After graduation, he followed the prescribed path. He joined a reputed architecture firm in the US. Surrounded by top-rate designers and high-profile projects, the new graduate could practice the skills that he’d painstakingly acquired at an incredible personal cost. The 12-hour work-days kept him on his toes. It also made him crave home even more.
“Neither neon nor noise can conceal loneliness. With each year, my thoughts were brighter and louder than anything in the room, or on the streets. In my spare time, I started stepping out of my comfort zone, into humanitarian work. In the US, and when I eventually made it back to the Middle East to meet my family, I met people whose lives had been decimated by violence: parents who had to bury their kids, kids who had to bury both their parents. This sharpened my self-reflection, and perspective, further. I realized I’m more than a professional or a paycheck. I developed a moral scale – a compass – to guide me.”
It’s a moral compass that helped Hafez stand his ground in the face of criticism from well-meaning skeptics who didn’t realize that there was no stopping the torrent of creativity that seemed to have burst forth from a mind, and heart, that was at once swollen, and singing, with pain.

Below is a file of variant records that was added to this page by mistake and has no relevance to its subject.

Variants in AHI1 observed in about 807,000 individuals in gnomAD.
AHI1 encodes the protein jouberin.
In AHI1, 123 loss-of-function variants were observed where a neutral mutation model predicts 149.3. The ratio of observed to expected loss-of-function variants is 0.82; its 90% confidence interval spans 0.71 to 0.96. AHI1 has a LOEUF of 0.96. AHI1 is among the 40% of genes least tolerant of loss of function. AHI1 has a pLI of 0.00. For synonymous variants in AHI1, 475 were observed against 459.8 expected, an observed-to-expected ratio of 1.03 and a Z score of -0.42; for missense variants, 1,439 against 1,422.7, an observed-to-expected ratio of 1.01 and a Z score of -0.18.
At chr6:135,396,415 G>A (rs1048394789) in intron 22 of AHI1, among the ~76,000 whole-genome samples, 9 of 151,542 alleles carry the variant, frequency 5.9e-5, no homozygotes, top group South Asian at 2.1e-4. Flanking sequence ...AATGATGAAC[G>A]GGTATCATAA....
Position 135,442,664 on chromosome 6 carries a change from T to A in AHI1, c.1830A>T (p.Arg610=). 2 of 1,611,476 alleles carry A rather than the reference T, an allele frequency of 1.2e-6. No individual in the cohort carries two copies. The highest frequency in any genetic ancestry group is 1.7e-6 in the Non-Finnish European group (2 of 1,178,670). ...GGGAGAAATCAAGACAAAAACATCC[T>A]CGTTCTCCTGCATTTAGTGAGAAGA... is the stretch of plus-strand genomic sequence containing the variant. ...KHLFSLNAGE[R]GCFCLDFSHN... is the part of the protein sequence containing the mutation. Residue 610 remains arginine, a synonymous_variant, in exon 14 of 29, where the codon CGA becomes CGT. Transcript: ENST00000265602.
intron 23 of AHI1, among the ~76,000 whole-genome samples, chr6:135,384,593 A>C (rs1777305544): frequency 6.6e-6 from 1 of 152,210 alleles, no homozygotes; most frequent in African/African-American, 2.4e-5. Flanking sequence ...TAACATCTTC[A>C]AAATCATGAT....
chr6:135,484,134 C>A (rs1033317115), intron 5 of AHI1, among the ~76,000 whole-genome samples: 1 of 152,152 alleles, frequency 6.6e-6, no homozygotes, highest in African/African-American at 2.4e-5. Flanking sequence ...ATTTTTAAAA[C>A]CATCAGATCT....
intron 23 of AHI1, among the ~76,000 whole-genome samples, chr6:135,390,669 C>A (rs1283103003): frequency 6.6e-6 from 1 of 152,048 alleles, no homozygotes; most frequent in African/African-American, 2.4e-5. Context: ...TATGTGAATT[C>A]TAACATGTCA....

“Then, and even today, for a lot of professional architects, what I've done is complete career suicide. I can’t blame them. The opportunities that I had at my disposal at such a young age – a supporting boss, a reputed company – are seldom found in architecture careers. To them, I was approaching the pinnacle of my career, when I decided to quit. So, to see me step away to focus on my art, and private practice, they were like, ‘What is going on with your brain?’.
“Yes, there were moments of self-doubt and moments when I was scared. Because the more you waited, the more the bills, the mortgages, the responsibilities would pile up. But I realized only my artwork could bring me a little solace; when I was creating, I felt I was praying. Now, looking back, I feel where I am now is the result of a combination: of blessings from God who sends you the right people at the right time, but also the perseverance to hold on, in silence.”
Hafez smiles, and almost as an afterthought, adds, “There’s a bit of contradiction here. At exhibitions, visitors see a confident artist and architect who jokes, and cheerfully takes questions. What they don’t understand is that it’s not a confidence born of success. It’s a confidence born out of the silence of my thoughts.
“Believe it or not, I’m a person who can happily drive a car for 20 hours, alone, with my thoughts for company.”
“There’s truth in the saying, “If words are silver, silence is golden.”
Words by Mary Joseph
This series is part of an editorial partnership brought to you by VCUarts Qatar and Khaleejesque